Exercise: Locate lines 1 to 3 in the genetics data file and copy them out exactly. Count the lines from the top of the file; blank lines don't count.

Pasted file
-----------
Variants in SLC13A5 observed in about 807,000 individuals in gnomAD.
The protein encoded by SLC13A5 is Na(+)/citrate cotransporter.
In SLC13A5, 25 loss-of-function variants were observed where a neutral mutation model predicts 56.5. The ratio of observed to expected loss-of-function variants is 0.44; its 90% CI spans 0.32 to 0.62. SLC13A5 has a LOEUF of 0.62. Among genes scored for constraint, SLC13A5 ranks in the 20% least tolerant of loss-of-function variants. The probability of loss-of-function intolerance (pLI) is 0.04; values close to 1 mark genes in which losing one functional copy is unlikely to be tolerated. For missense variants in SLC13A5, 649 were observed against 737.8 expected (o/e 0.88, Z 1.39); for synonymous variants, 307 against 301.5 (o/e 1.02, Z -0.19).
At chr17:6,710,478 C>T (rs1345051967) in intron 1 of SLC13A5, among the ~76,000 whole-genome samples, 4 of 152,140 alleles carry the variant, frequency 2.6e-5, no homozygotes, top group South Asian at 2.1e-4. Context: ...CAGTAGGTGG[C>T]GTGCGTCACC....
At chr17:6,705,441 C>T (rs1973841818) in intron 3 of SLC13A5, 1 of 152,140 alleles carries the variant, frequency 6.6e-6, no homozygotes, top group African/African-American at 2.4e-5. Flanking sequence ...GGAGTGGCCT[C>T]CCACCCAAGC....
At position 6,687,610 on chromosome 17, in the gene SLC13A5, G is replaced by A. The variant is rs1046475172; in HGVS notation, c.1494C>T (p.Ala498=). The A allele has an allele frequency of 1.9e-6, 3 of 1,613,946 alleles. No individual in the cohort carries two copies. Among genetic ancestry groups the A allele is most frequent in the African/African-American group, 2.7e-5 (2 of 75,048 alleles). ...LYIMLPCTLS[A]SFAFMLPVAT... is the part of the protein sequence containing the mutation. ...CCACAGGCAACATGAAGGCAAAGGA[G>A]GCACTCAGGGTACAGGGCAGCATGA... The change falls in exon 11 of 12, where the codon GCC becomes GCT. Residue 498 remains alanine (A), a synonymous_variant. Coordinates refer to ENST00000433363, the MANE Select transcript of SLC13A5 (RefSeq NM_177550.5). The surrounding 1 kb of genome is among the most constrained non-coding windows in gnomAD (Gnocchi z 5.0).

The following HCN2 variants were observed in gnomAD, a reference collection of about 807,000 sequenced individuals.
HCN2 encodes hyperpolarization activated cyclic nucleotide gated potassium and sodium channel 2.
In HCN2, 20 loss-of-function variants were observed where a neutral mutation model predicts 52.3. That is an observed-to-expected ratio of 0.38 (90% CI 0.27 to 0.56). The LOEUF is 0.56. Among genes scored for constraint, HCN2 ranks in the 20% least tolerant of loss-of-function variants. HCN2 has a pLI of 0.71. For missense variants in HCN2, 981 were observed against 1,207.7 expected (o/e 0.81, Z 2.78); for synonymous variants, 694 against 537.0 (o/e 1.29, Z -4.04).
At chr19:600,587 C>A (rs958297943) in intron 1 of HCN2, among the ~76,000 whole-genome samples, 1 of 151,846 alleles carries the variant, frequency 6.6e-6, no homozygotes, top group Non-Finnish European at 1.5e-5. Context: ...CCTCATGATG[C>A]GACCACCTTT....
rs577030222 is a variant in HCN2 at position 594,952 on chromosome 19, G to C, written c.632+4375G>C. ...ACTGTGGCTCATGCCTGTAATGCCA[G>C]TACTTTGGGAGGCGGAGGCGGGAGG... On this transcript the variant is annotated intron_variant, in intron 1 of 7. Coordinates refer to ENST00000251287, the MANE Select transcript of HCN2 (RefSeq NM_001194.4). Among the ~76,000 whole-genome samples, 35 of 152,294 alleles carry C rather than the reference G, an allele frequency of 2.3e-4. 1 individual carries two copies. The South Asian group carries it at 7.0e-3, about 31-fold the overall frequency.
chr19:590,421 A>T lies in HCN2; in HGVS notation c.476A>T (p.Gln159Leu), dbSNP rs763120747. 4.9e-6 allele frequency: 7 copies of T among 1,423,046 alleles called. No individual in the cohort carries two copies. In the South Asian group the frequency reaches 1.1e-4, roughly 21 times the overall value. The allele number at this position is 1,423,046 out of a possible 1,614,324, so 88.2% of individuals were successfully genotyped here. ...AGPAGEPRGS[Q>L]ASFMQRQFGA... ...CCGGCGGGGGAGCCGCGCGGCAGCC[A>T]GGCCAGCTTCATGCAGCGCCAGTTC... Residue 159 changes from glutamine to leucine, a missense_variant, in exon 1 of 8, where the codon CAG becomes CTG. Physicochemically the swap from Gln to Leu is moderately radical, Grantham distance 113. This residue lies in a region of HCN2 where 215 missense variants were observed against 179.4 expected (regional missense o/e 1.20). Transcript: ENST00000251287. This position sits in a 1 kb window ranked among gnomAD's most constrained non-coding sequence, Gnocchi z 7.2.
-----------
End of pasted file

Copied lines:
Variants in SLC13A5 observed in about 807,000 individuals in gnomAD.
The protein encoded by SLC13A5 is Na(+)/citrate cotransporter.
In SLC13A5, 25 loss-of-function variants were observed where a neutral mutation model predicts 56.5. The ratio of observed to expected loss-of-function variants is 0.44; its 90% CI spans 0.32 to 0.62. SLC13A5 has a LOEUF of 0.62. Among genes scored for constraint, SLC13A5 ranks in the 20% least tolerant of loss-of-function variants. The probability of loss-of-function intolerance (pLI) is 0.04; values close to 1 mark genes in which losing one functional copy is unlikely to be tolerated. For missense variants in SLC13A5, 649 were observed against 737.8 expected (o/e 0.88, Z 1.39); for synonymous variants, 307 against 301.5 (o/e 1.02, Z -0.19).